Gene La Rocque, Decorated Veteran Who Condemned Waste of War, Dies at 98
By ANITA GATES NOV. 4, 2016
Rear Adm. Gene La Rocque, a decorated Navy veteran who spoke out against the wastes of war, was labeled a traitor by some and went on to found the Center for Defense Information, a private think tank that was described as both pro-peace and pro-military, died on Monday in Washington. He was 98.
His death was confirmed by his son John.
Admiral La Rocque attracted particular attention when he gave an interview to Studs Terkel for his 1984 book, “The Good War: An Oral History of World War Two .”
“I hate it when they say, ‘He gave his life for his country,’ ” Admiral La Rocque told Mr. Terkel. “Nobody gives their life for anything. We steal the lives of these kids. We take it away from them.
“They don’t die for the honor and glory of their country. We kill them.”
In the same conversation, Admiral La Rocque described the State Department as having become “the lackey of the Pentagon” and lamented the loss of civilian control.
After retiring from the Navy in the early 1970s, he founded the Center for Defense Information with Rear Adm. Eugene Carroll (who died in 2003). The new organization, positioned as an informed second opinion to the Pentagon, began with three primary goals: to avert a nuclear war with the Soviet Union, to end the Vietnam War and to monitor the influence of the military-industrial complex.
As the center’s director, Admiral La Rocque continued his battle long after the first two goals had been achieved. In 1990 he was calling for the nation’s military budget to be reduced by one-third, to $200 billion, and troop strength to be reduced from three million to two million. And he was working to take the profit out of weapons manufacture, although he doubted that the military would ever produce its own weapons again.
Lawrence J. Korb, an assistant secretary of defense under President Ronald Reagan, met Admiral La Rocque when Mr. Korb was asked to brief him for a debate in 1972. Admiral La Rocque and his new organization “understood what the issues were,” Mr. Korb, now a senior fellow at the Center for American Progress in Washington, said in an interview Friday. “You need this submarine, and not this one. He presented reasonable alternatives that people would consider.”
“This was a career military officer, which made him stand out,” Mr. Korb added.
Eugene Robert La Rocque was born on June 29, 1918, in Kankakee, Ill., the third of five children of Edward La Rocque, who ran and lived above a furniture store during the Depression, and the former Lucille Eddy.
One of Gene’s first jobs, at the age of 12 or so, was delivering newspapers. But he was fired, his daughter, Annette La Rocque Fitzsimmons, said on Friday, when the publisher, a Republican, learned that the boy’s father was a local Democratic committeeman.
As Admiral La Rocque recounted the story, that day his mother told him he could marry anyone he liked when he grew up, as long as she wasn’t a Republican.
Gene enlisted in the Navy in 1940. “In the summer of ’41, I asked to be sent to Pearl Harbor,” he told Mr. Terkel. “The Pacific fleet was there, and it sounded romantic.”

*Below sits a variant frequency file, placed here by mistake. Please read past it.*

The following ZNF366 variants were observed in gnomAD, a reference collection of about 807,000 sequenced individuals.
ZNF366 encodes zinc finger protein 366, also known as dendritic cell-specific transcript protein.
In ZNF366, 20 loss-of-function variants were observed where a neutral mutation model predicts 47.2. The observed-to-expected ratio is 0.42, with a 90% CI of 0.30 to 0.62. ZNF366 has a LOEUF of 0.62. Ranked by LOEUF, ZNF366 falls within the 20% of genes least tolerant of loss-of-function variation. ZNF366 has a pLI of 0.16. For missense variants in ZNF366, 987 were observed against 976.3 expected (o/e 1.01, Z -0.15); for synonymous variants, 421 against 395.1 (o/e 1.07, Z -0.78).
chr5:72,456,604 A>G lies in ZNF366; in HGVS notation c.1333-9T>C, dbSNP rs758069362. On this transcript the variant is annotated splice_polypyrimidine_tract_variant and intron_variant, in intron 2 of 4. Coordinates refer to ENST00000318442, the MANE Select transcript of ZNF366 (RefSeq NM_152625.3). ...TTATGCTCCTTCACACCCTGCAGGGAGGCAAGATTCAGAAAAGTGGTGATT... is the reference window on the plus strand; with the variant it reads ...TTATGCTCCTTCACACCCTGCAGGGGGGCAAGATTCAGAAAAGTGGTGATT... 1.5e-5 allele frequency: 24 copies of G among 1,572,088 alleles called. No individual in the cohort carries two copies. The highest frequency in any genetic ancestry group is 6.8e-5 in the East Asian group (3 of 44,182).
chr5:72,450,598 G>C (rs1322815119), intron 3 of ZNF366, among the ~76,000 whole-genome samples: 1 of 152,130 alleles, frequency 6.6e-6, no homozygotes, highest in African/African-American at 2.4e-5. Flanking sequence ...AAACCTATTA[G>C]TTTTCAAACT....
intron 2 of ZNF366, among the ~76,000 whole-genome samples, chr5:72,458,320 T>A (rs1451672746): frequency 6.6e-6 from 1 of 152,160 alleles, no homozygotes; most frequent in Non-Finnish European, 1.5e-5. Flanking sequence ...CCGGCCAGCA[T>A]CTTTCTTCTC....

The request was granted, and the young sailor escaped harm in the Japanese attack on Dec. 7, 1941. He and the rest of the crew of the destroyer Macdonough were sent in pursuit of the Japanese fleet.
He spent four years in the Pacific, participated in more than a dozen battles, was awarded the Bronze Star and was the first man ashore in the landing at Roi-Namur in the Battle of Kwajalein(1944), part of the Marshall Islands campaign.
Admiral La Rocque was widowed twice. He met Sarah Madeline Fox (not a Republican) during the war, when she was a stewardess on a flight from Seattle to Anchorage. They married in April 1945 and had three children. She died in 1978. The following year, he married Lillian Danchik. They were together until her death in 1994.
In addition to his son John and his daughter, his survivors include another son, James; two stepsons, Howard Danchik and Roger Danchik; six grandchildren; and one great-grandson.
In 2012 the C.D.I. merged with the Project on Government Oversight, which continues to publish The Defense Monitor, the organization’s quarterly newsletter. Recent headlines have included “The Fight to Save the A-10 Warthog,” “F-35 May Never Be Ready for Combat” and “Pentagon’s 2017 Budget Was Mardi Gras for Defense Contractors.”
Admiral La Rocque contributed a note to The Defense Monitor as recently as last year, expressing concern that the influence of the military-industrial complex was still “growing in power,” more than half a century after President Dwight D. Eisenhower had warned of it.
In continuing to be heard on defense issues well into his 90s, Admiral La Rocque had plainly abandoned a plan he had outlined for himself in 1990, in an interview with The Los Angeles Times, when he was 71.
“I’ll give it to about 75,” he said then. “That’s time enough to bring in more young people. Then I’ll give it up and go sailing.”
Heroes at the gates of hell: It’s a haunting picture – a proud British regiment pose in the May sunshine in 1915. Weeks later, one in three was named dead. Now their colonel’s great grandson has pieced together ALL their inspiring stories
Stark contrast: The 8th Berkshire Regiment posed in the May sun in 1915. By the end of the war, 19 of the brother officers had been killed, nine seriously wounded and the group had been scattered
Waste of War